Colon Cancer Awareness Month: B-roll of the fecal occult blood test
TORONTO, March 4, 2013 /CNW/ - Armed with a 'cheeky' slogan, the
Canadian Cancer Society is aiming to grab the attention of those 50 and
over during Colon Cancer Awareness Month this March. Getting checked
for colon cancer is likely not at the top of anyone's to do list, but
the Society is encouraging Canadians to make their bottom their
priority by getting checked. Many people may be surprised to learn that
colon cancer is the number two cancer killer of men and women, yet it
is 90% treatable when caught early.
"An important step in early detection or even preventing colon cancer is
checking before you have any symptoms. Making sure you strike up the
conversation with your doctor could save your life," says John
Atkinson, Director, Tobacco Control and Cancer Prevention, Canadian
Cancer Society, Ontario Division. "We urge all Ontarians aged 50 and
older to make their bottom their top priority. Talk to your doctor
about getting checked for colon cancer. It could be as simple as an
The bottom line about colon cancer
Checking for colon cancer, also known as cancer screening, can be as
simple as taking the fecal occult blood test (FOBT) - an at-home stool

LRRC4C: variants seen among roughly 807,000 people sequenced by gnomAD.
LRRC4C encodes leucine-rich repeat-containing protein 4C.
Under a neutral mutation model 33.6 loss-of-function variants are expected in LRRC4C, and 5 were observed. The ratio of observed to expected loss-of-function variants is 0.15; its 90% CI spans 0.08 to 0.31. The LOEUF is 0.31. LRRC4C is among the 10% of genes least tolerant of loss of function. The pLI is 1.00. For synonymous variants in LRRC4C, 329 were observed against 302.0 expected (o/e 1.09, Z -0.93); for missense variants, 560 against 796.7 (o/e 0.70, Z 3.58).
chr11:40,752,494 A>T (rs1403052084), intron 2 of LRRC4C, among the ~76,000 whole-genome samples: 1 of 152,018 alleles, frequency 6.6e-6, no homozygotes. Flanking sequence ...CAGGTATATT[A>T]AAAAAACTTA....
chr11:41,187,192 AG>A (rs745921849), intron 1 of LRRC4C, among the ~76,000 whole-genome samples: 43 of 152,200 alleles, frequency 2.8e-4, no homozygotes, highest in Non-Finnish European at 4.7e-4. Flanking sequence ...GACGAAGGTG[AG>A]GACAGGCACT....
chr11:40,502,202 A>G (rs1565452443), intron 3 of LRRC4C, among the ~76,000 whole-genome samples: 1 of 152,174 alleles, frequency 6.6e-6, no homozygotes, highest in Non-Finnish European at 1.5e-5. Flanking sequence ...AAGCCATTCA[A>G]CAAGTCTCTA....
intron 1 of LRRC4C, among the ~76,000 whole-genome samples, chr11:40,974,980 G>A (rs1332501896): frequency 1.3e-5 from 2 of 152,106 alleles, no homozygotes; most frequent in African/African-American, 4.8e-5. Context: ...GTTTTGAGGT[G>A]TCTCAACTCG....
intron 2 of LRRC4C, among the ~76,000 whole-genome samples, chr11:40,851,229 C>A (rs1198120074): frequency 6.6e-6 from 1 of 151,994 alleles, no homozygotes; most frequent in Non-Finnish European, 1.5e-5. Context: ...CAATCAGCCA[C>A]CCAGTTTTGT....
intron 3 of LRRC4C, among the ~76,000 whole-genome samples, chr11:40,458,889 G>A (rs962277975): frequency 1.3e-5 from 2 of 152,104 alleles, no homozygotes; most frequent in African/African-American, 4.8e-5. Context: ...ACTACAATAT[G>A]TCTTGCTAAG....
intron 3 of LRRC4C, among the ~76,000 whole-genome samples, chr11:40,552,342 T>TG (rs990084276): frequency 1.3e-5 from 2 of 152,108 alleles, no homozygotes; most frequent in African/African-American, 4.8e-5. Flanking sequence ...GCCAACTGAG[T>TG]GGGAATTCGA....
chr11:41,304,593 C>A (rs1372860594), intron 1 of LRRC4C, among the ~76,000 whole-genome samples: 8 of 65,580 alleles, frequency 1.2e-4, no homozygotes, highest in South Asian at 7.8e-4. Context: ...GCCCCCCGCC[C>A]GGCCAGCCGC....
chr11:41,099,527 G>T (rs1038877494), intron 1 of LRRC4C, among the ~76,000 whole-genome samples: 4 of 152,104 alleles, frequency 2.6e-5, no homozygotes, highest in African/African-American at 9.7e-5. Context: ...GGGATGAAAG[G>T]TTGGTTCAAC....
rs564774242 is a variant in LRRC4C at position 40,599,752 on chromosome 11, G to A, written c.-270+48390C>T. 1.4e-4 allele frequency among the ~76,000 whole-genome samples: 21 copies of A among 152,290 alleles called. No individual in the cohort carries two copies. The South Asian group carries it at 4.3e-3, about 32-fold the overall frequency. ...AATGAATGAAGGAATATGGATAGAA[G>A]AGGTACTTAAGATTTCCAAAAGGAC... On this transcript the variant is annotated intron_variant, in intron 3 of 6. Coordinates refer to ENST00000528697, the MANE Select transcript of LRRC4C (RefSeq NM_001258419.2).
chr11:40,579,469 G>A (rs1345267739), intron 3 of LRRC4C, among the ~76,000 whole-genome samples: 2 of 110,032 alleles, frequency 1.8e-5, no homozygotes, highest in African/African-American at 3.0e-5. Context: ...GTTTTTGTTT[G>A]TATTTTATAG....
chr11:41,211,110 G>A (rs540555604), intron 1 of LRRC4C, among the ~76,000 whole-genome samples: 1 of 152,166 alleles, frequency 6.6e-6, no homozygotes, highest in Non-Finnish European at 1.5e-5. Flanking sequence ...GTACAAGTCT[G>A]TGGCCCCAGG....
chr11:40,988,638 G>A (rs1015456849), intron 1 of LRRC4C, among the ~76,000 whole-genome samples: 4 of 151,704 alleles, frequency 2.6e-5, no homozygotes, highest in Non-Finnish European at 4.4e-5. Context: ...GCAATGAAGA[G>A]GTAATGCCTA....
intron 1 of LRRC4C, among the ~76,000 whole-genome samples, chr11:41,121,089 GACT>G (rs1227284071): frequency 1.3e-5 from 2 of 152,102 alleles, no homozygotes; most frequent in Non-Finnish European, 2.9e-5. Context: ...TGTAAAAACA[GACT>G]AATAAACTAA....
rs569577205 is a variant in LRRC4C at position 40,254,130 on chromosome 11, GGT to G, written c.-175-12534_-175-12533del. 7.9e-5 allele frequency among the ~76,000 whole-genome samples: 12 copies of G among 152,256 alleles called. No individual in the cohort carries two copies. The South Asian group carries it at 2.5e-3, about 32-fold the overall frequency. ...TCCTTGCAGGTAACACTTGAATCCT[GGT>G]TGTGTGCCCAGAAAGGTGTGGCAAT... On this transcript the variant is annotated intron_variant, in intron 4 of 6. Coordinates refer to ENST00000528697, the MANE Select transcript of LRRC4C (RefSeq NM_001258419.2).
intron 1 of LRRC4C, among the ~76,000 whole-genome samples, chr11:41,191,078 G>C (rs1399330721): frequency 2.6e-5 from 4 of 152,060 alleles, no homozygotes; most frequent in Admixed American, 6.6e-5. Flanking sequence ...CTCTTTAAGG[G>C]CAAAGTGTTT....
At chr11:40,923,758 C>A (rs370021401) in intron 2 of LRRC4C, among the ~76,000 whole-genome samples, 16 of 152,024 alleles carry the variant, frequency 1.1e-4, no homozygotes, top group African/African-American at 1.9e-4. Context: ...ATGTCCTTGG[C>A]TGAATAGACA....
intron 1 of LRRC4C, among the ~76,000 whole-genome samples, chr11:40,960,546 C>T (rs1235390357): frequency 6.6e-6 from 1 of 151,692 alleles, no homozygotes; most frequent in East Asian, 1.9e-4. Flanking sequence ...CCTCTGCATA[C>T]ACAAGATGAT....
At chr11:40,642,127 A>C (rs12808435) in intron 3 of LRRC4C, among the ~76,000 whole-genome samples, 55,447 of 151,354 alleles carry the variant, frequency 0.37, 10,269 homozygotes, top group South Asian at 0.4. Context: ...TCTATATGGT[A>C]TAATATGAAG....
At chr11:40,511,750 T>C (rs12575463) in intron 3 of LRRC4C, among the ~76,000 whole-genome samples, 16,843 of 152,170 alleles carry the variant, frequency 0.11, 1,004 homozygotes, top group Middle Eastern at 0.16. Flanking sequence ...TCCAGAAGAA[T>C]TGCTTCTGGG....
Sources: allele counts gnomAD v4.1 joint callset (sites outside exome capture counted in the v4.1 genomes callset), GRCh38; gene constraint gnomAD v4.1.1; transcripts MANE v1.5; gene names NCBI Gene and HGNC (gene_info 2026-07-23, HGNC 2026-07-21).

test taken in the privacy of a person's home. This test can detect
invisible amounts of blood in one's stool. Finding blood doesn't
necessarily mean a person has colon cancer but it is a warning sign
that requires further investigation by a healthcare provider.
Men and women ages 50 and older who do not have symptoms, should get
checked for colon cancer every two years using the fecal occult blood
test. For people with symptoms or who are at higher risk of colon
cancer, it is important that they talk to their doctors.
In 2012, estimated 8,700 Ontarians were diagnosed with colon cancer and
approximately 3,450 people died from the disease - only lung cancer
claims more lives.
Get the bottom line about colon cancer at stickittocoloncancer.ca and download a free discussion guide with questions to ask your doctor.